Volume 18, February 2024
E-portfolios as Learning Tools for Applied Double Bass Study; a Research-Based, Practice Oriented Approach

by Mark Elliot Bergman

3. Practice-oriented applications: The "basic bow stroke" (see Appendix A)

As a double bass educator, I endeavor to keep abreast of current educational developments and trends including the appropriation of e-portfolios as a learning tool. Emphasizing the language of basic musicianship to my students is also a priority for me. To that end, I begin each semester working on the detaché bow stroke. This bow stroke is described by Elliot (2017) as "the basic bow stroke when you play with separate bows" (00:14 – 00:18). Rabin and Smith (1991) emphasize the requisite tone in describing this stroke as incorporating "alternating bow direction with a smooth, connected stroke and evenness of tone" (p. 7). My students practice the detaché stroke using three segments of the bow; the lower third near the frog, the middle third, and the upper third near the tip. I emphasize developing an even, warm sound with smooth bow changes. To complete the unit, the student records two-octave scales (C major, A melodic minor, G major, E melodic minor) at quarter note = 60 and posts the video to their electronic portfolio where we can review it together.

The recorded video (due within the first few weeks of the semester) becomes the first artifact curated into the learner's e-portfolio and confers strategic and pedagogic advantages. Firstly, specific moments in the video can be referenced and reviewed in slow motion. If the learner experiences challenges maintaining an even tone or other issues emerge, individual moments can be isolated and reviewed with the student. In my experience, referencing a specific comment tied to a specific timing in the video focuses the learner's attention in powerful ways. When the learner is not focused on playing, they can focus their total attention on observation. Having the teacher serve as a guide is crucial. Laurel (2016) summed up the importance of this process by noting "Many students don't even notice such sound variations in their strokes and bow changes until someone points them out or they record themselves-they're too focused on the next notes of the passage to finish listening to what they're playing" (p. 23).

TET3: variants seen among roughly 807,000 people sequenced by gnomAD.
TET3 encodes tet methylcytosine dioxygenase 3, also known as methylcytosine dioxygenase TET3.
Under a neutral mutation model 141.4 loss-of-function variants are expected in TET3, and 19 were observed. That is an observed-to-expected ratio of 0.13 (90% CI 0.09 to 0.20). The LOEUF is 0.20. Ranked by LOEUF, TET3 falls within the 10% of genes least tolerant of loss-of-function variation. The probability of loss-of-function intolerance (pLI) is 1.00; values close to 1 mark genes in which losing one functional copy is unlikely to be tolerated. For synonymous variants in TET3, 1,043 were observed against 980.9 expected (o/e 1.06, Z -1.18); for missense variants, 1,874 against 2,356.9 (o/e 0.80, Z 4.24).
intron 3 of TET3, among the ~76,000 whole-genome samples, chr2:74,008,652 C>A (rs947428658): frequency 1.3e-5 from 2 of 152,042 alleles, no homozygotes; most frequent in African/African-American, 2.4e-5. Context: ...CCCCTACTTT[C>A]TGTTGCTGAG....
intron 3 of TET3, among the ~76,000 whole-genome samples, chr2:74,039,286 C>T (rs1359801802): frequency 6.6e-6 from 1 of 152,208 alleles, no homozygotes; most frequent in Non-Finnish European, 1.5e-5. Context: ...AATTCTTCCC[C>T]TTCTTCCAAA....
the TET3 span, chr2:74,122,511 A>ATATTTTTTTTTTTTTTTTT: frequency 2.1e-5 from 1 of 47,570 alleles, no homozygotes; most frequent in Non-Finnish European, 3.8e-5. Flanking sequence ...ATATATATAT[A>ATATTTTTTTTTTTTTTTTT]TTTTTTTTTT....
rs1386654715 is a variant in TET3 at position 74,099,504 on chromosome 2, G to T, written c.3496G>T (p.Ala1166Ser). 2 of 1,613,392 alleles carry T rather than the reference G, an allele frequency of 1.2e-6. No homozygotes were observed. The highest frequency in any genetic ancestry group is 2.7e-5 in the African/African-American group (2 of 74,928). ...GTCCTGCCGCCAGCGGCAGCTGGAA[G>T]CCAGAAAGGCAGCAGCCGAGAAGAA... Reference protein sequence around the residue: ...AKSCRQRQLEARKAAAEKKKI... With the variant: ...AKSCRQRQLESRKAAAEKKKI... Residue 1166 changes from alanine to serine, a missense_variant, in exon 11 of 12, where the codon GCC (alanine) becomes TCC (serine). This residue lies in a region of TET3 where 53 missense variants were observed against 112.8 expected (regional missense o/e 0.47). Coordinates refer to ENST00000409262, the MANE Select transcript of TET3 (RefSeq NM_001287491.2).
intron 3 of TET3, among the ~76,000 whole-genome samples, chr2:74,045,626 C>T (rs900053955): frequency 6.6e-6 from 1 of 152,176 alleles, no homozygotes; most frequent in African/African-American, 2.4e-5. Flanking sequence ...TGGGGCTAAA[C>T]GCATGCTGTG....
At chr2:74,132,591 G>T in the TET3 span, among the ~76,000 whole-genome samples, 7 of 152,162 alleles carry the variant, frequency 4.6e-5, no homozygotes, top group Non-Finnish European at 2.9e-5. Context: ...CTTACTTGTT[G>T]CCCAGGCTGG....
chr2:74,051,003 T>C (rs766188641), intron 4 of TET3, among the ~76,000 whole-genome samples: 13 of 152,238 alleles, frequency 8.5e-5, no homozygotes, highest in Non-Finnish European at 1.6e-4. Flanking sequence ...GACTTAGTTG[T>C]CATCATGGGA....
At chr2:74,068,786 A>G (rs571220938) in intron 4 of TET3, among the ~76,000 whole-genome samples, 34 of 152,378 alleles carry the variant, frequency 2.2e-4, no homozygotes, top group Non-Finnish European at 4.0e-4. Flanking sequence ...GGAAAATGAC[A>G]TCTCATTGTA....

Secondly, the artifact becomes the focus of studied reflection. I ask my students to provide brief written commentary after reviewing the artifact by answering the following questions;

If this is your first time completing this assignment, answer the following questions. Feel free to use creative language. How does your arm move? What did you do to improve your tone quality as you worked on your recording? What did you learn during your practice? Were the videos helpful? Why or why not?
If this is not the first time you have worked on this assignment, answer the following questions: What improvements have you made in mastering the détaché. Describe any changes in your conception of this stroke. Reflect on the fine motor skills required to make a smooth transition between the upbow and the downbow. How do the fingers, wrist, and forearm work to ensure a smooth, even stroke?

The learner must retain the artifact so they can document progress over time, fulfilling an e-portfolio's potential to "demonstrate knowledge, skills, and growth" (Roanoke College, 2022, para. 1).